Hellenikon yields ancient
Excavations at the former Athens airport have
revealed 150 graves and afamily enclosure with marble funerary stelae dating
back to the 4th century BC
4th-century BC stele depicts a
farewell scene involving a seated woman, shown in the photo, and a standing
AN ANCIENT cemetery boasting 150 graves
and an ornate family enclosure decorated with sculptures has come to light at
the old Athens airport at Hellenikon.
former Olympic Airways maintenance station where the graves are located, is
currently being turned into a tram depot - yet another Olympics-related project.
With the dig running parallel to - and at a stone's throw from - the worksite's
frenzied rhythms, evidence from inscriptions found at the adjacent open-air
space where the family enclosure (peribolos) was uncovered, point to the
cemetery's belonging to the ancient district (deme) of Euonymon.
headed by archaeologist Dina Kaza of the 2nd Ephorate of Prehistoric and
Classical Antiquities, started in August 2002 and is still in process. "It is
not possible to stick to schedules when it comes to excavation work," she said.
conducted a preliminary survey of the area as early as 1997. The Athens
Polytechnic was then studying the airport's conversion into a metropolitan park.
"At the Agia Paraskevi church I came across a marble sarcophagus, which had been
reused in 1890 for the burial of several local people," she says.
to the archaeological interest of the surrounding area - "an agricultural region
known as Hassani prior to the airport's construction"- is found further back in
time. "19th-century travellers had spotted here densely arranged grave tumuli,
funeral sculptures and architectural fragments," Kaza offered. The archaeologist
believes that the airport's creation and its subsequent expansion in the '60s
caused great damage to the remains. "In 1961 the well-known family enclosure at
Hellenikon [the entire area was named after the finds' origin] had to be
transferred bit by bit to the grounds of the Civil Aviation Authority (YPA)."
Relief sculptures found at the
Hellenikon family enclosure. The stelae show (bottom - top) a farewell scene, a
floral composition and a naked young man
which preceded the construction of the tram depot brought to light about 150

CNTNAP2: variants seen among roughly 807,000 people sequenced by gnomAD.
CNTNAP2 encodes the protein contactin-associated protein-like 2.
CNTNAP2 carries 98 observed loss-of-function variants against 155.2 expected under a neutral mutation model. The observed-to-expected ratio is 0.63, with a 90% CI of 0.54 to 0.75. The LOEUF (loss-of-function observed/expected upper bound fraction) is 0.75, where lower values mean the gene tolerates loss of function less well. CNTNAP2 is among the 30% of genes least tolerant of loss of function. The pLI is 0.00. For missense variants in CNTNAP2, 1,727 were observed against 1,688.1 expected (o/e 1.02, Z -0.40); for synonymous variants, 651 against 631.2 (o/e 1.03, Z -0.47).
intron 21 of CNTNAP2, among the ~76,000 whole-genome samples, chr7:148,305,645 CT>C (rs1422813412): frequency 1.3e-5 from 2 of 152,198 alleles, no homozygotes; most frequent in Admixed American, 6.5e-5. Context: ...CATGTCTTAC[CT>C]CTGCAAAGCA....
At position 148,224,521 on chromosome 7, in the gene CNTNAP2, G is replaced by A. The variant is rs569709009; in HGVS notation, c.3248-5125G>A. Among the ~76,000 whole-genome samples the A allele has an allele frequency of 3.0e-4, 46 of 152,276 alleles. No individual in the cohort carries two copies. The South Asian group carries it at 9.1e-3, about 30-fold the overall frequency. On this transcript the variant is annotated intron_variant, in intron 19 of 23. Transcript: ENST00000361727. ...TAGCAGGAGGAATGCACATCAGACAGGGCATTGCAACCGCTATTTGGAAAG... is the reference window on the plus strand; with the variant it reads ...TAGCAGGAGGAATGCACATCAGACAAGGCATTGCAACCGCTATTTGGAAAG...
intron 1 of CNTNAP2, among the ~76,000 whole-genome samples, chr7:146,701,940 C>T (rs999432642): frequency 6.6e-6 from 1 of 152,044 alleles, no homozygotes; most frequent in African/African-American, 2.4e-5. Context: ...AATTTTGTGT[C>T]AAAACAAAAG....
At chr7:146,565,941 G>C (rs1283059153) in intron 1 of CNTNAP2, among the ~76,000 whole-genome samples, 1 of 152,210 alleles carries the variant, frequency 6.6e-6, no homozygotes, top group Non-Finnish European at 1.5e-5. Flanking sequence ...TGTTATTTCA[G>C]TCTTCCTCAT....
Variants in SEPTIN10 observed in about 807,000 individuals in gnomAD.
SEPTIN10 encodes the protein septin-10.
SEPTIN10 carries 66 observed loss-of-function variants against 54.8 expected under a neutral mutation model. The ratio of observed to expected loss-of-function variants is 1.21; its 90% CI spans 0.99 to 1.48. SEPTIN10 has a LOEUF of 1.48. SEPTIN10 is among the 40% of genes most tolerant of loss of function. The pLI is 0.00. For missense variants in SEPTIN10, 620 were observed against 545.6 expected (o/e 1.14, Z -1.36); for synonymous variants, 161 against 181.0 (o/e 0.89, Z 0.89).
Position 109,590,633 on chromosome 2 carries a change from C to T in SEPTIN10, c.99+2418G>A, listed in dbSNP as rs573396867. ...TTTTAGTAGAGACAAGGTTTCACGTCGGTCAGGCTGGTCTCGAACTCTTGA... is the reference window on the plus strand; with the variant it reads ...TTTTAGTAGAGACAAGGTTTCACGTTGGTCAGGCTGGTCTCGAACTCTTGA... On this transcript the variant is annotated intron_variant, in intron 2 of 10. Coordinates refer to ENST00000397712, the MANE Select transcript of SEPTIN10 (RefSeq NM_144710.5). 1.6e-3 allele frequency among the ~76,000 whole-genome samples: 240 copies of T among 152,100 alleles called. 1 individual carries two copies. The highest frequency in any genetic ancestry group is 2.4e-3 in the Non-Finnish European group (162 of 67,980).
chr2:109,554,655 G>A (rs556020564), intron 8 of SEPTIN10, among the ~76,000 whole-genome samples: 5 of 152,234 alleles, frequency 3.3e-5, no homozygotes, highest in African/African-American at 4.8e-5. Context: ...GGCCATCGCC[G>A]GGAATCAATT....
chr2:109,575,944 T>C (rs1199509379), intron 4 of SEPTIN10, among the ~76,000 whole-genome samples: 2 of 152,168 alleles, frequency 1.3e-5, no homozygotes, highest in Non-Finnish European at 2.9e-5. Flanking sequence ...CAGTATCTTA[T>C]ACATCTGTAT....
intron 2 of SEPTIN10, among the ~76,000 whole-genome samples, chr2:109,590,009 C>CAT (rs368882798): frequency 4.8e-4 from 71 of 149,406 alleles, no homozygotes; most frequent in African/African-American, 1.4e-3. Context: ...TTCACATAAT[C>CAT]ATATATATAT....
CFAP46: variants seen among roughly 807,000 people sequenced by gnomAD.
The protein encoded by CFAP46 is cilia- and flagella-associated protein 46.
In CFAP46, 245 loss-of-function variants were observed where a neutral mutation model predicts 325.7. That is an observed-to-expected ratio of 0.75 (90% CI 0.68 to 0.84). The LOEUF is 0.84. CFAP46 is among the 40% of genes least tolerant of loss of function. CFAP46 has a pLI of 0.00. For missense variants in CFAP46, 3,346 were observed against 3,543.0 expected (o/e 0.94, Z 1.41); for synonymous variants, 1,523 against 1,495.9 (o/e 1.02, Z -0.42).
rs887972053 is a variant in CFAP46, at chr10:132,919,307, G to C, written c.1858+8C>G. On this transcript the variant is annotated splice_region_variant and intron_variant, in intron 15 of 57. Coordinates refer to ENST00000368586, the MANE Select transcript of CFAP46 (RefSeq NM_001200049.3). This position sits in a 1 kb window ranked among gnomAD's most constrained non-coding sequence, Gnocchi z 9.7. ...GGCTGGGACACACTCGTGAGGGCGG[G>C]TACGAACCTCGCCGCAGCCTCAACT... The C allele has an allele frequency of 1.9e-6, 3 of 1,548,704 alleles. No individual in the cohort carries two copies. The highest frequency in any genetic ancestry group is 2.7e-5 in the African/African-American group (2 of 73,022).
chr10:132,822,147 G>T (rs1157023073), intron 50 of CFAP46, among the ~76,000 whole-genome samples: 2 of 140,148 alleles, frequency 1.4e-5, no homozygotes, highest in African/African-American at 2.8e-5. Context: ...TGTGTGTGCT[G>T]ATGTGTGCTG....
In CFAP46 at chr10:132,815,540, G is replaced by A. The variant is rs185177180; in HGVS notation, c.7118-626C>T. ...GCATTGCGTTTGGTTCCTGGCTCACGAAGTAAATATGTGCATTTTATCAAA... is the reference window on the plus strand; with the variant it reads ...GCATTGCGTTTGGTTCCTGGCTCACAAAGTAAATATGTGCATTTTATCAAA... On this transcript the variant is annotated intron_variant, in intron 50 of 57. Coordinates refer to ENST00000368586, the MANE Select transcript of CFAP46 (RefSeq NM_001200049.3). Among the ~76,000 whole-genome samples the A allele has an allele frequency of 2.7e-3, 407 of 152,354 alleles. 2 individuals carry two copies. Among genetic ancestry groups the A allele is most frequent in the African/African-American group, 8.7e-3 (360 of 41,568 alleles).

richly furnished graves of different types dating from the 7th to the 4th
centuries BC. Pottery vases, clay figurines as well as iron and bronze daggers
were the main funerary gifts retrieved from the graves. Three large bronze
vessels contained bone remnants. The artefacts have been transferred to the
Piraeus Archaeological Museum, where the 2nd Ephorate's storage area is, to
undergo restoration work.
removable objects were taken away, the graves were covered with a protective
fabric and gravel to allow the tram's rails to be built on top of them.
pleasant surprise awaited Kaza and her assistants, Maria Gioni and Ioanna
Moutafi, just outside the Olympic Airways building where the family enclosure
Excavations yielded two funerary stelae in
marble with relief sculptures. "One is a farewell scene, depicting a standing
man, a seated woman and a female servant in between," Kaza said, "while the
other shows the headless torso of a naked young man. The youth's head has also
been found but his facial features were missing".
finds, all dating back to the second half of the 4th century BC, have survived
almost intact. Kaza pointed to the antiquities' rarity. "Similar finds have been
spotted sporadically, and in fragments, in Greece and around the world. But
after the Kerameikos digs [a century ago] it is extremely rare for relief
sculptures of this kind to be found almost in their entirety and unlooted". The
enclosure was constructed by a prosperous family in honour of its deceased
members. "Sculptures of the kind were costly and called for a certain
affluence," Kaza explained.
adorning the family enclosure's facade, the sculptures fell to the ground,
"possibly during an earthquake". The high concentration of gravel in the soil
that embraced the sculptures suggests the passing of a torrent, which is
encouraging in relation to new finds. "The torrent's waters carried away marble
fragments, some of which we have already recovered," Kaza said. "We hope that by
removing this material from the torrent's bed we will come across new finds,
precious stelae are currently being restored at the Archaeological Museum of
Piraeus. "They are significant finds, worthy of showcasing," said Kaza. And this
is the joint long-term plan proposed by the mayors of Hellenikon, Alimos,
Glyfada and Argyroupoli. "Following the end of the 2004 Olympics, and once it is
decided what will become of the former airport, the four municipalities will
request the sculptures' restitution in the form of a museum". Copies will be
placed in the archaeological site, which will be preserved without being
affected in the least by the tram's construction works.
NEWS , 05/09/2003, page: A37
Article code: C13030A371
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